How Summertime Helps Us Pray

How Summertime Helps Us Pray

Memorial Day weekend is the traditional welcome into summer. Long days, outside reading, baseball, iced tea, sunshine — 'tis the season of unparalleled displays of God's common benevolence.

And it's also full of exciting opportunities for us to grow in the grace of prayer.

God's grace is immeasurable, not seasonal (Ephesians 2:7). There's not more of him now than in January, but summer tends to open our eyes a little wider. We can see a little clearer. And this helps how we pray.

C. S. Lewis:

For what I call "myself" (for all practical, everyday purposes) is also a dramatic construction. . . Normally I call this construction "me," and the stage set "the real world." Now the moment of prayer is for me — or involves for me as its condition — the awareness, the re-awakened awareness, that this "real world" and "real self" are very far from being rock-bottom realities" (Letters to Malcom, 81).

In other words, prayer is when we snap out of it — out of the busyness, out of Facebook charades, out of our culture-imposed identities. Praying is the most real thing we do, and if summer is when we are most awake, then let it teach us how to pray. Let it invite us into deeper fellowship.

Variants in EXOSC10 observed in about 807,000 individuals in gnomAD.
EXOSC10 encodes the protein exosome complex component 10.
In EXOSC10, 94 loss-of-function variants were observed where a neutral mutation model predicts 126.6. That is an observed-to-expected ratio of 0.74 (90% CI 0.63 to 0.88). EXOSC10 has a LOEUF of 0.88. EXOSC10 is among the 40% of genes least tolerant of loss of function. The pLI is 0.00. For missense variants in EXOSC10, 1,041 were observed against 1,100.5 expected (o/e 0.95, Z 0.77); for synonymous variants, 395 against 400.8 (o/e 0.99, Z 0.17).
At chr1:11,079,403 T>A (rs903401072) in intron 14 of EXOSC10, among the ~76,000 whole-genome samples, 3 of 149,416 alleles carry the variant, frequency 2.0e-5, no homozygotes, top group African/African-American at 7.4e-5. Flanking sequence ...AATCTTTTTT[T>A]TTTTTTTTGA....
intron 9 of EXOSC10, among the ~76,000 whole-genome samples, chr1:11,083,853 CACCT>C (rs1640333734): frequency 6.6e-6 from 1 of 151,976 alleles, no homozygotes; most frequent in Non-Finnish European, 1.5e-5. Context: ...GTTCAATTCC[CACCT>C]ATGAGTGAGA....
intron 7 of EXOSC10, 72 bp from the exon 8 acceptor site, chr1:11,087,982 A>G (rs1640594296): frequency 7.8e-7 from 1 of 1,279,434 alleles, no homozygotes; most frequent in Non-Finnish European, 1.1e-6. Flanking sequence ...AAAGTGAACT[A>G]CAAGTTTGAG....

Jonathan Dodson writes of prayer,

Prayer is about love not about lists. It is about drawing near to God, not about impressing God. It is about enjoying his grace not enduring guilt. In fact, our genuine guilt for loving something altogether more than we love the Father is gone in Christ. God so loved us that he sent his only Son to be cut off in death so that we might be wonderfully united with him in life. Prayer is a response to the Father and the Son; it is a warm reaction to what they have together done for us. Prayer is communion with God, a cementing of souls together in a common delight, in this case, a delight in God and his grace towards us in Christ. It begins and continues with honest words about our loveless lives, our guilt-ridden approaches to prayer, and a shameless embrace of God's reckless love and grace. (What to Do with Prayerlessness)

May the next four months be the background of deeper discoveries in what this means.

Jonathan Parnell (@jonathanparnell) is a writer and content strategist at Desiring God. He lives in the Twin Cities with his wife, Melissa, and their four children, and is the co-author of How to Stay Christian in Seminary.